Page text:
Brian slid in through the bathroom door like a thief. The old door, belonging to an old house resting on old foundation next to a very old street, rattled gently in the frame upon closing. The wood did little to mute the howling sobs coming from his mother down the hall. Brian stood there, leaning against the wall as if not wanting to be seen, and stared in silence. His father was leaning forward over a porcelain sink. A thin, white lather covered his face, save for the clearings already made by the straight razor in his hand.
“Dad?” he asked, with a voice that was near trembling, a tone that wanted to know what has happening without ever having the knowledge of what was truly going on, “what’s wrong with Mom?”
His father made a slow, deliberate swipe down his cheek. The lather was cleared away. The blade dipped into the water in silence. He looked at Brian through the mirror, a tall oval that matched the rest of the aging house. “Your mother and I are no longer together,” he said. He leaned his head to the side and tugged at his skin. Again, the straight razor came down.
Brian watched the movement of the blade, the foam being carefully peeled away, the plain look in his father’s eyes. Beyond the door, down the hall, his whaling mother smashed something made of glass. The scattering shards made a delicate tinkling along the wooden flooring. “Why?” Brian asked.
His father tilted his head high to stretch his neck. The blade flipped up, and the razor’s edge kissed the skin. The stainless steel moved upward with slow precision. Brian watched the steady hand of his father while his mother crumbled to pieces a few feet away. “I’ve informed your mother that I no longer love her,” his father said. “That it’s quite possible I never have.” A strip of clean skin appeared on his neck, and the blade was dipped in the basin.
Brian tried to comprehend, to take the words and shape them into anything that made sense. Years of childhood memories, emotions, dreams, were on the verge of being swept away. He felt as though his world was floating, suspended, like the water held in place over the drain of that sink by a small rubber plug, about to be lost at any moment.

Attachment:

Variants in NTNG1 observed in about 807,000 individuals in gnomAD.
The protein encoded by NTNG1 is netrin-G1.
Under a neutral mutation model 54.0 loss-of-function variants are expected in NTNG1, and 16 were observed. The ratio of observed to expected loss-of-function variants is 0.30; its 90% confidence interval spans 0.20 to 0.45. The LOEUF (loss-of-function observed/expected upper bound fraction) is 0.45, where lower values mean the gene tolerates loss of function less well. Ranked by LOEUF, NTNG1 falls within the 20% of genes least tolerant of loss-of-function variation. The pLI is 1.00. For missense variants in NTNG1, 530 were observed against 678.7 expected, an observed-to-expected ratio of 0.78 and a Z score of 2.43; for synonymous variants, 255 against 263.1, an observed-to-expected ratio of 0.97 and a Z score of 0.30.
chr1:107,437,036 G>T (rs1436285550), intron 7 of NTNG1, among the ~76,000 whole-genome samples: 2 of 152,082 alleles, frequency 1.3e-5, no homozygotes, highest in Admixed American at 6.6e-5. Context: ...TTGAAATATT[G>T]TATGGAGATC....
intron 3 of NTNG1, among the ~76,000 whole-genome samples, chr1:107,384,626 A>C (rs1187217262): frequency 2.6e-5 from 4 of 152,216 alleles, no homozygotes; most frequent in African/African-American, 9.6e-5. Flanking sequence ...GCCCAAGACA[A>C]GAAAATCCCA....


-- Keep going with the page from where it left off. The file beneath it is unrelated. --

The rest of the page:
The wet blade came back up to the skin. “Life is a strange thing, Brian,” his father continued. “It can be hard to understand. There are times when you’re forced to make decisions, certain choices, that cannot be sustained.” The blade moved up and cleared another strip away. His father looked at him through the mirror. “Sometimes life forces your hand.” Dip went the razor and back to the skin again.
“Do you love me?” Brian asked.
His father’s hand stopped and the sound of air rushing in through clear nostrils filled the room. A red line appeared on the steel. His father leaned forward over the sink, so disgustingly white. A red drop fell into the water below.
Brian looked at the white foam and saw a subtle red streak. His eyes returned to the mirror, to his father’s.
“I do love you, son,” he said. Ploop. “But I’m afraid I’m not likely to be the man in your life much longer. There’s another woman, you see. One that’s been around for quite some time. I have a family with her as well. I have another wife. Another son.”
“It’s with them that I choose to be.”
Brian felt all the world diminish then. Even the sobs of his mother faded. The door rattled in its frame as he spread his arms and slid down the wall until his bottom touched the floor. All the while, his father’s eyes followed him from the mirror. The red mark on his neck. The pristine white of that porcelain sink that now made his stomach turn. The straight razor resting on the edge of the basin with vibrant red on its blade, like the bold lipstick of a mistress. Blood fell into the water and swirled, piercing the white clouds of shaving foam with its bite.